According to people familiar with the process, some of the biggest platforms on the web that are used for watching videos have begun to take advantage of automation for removing extremist content from their websites. This is a major step forward for internet giants that are eager for removing any violent propaganda from their platforms and are also under considerable pressure from governments all over the globe as attacks from extremists are rising, from Belgium to Syria to the United States. Facebook and YouTube are the two prominent sites that have begun to deploy systems for blocking or for taking down Islamic State videos rapidly and other similar content.
Originally, this technology had been developed for identifying and removing content from video sites that was copyright-protected. This technology searches for ‘hashes’, which is a kind of unique digital fingerprint that is automatically assigned to specific videos by internet companies. This enables them to remove content that has matching fingerprints. This system would immediately identify attempts of reposting content that has been already regarded as unacceptable, but would not block any content that hasn’t been seen before. The companies didn’t confirm they were using the technology and neither did they explain how they were being employed.
However, people familiar with the technology said that it was possible to check the videos posted against a database of banned content to highlight new postings of content like a lecture encouraging violence or a beheading. The sources didn’t say anything about the amount of human work involved in reviewing videos that are identified as near-matches or matches by the technology. They also didn’t say how the extremist videos in the database were initially highlighted as extremist. It is highly likely that the use of the new technology will be refined with time as the issue is internally discussed by internet companies and also with competitors and other interested third parties.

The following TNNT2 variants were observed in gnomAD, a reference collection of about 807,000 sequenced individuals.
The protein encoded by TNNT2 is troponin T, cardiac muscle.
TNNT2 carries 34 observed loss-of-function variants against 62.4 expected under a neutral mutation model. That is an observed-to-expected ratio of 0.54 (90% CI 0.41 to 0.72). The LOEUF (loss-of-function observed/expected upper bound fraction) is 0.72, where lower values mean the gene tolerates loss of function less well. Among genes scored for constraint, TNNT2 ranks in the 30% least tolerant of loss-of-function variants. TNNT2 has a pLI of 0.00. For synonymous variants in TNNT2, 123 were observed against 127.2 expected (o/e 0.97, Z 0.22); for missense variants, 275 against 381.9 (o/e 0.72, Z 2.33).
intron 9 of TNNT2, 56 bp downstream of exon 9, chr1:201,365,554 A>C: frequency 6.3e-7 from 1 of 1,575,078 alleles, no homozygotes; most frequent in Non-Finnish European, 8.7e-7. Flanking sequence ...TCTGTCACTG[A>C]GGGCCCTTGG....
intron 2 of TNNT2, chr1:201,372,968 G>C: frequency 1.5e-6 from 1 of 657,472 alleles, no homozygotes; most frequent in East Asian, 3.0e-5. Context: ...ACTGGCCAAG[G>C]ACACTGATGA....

In late April, due to pressure from US President Barrack Obama as well as other European and US leaders who were worried about online radicalization, internet firms such as Twitter Inc., Alphabet Inc.’s YouTube, CloudFlare and Facebook Inc. held a call for discussing their options, which also included a content-blocking system that had been introduced by the private Counter Extremism Project. These discussions highlighted some of the central yet difficult role that some of the most influential companies now play in dealing with issues like free speech, terrorism and the lines between corporate and government authority.
At this point, none of these companies have embraced the system of the anti-extremist group and have been quite wary on any outside input on how their websites should be policed. Experts said that dealing with terrorism is not the same as dealing with other issues such as child pornography and copyright infringement, which are downright illegal. As far as extremist content is concerned, it exists on a spectrum and the line is different for different companies. Until now, most of them have relied on users to flag content that violates their policies.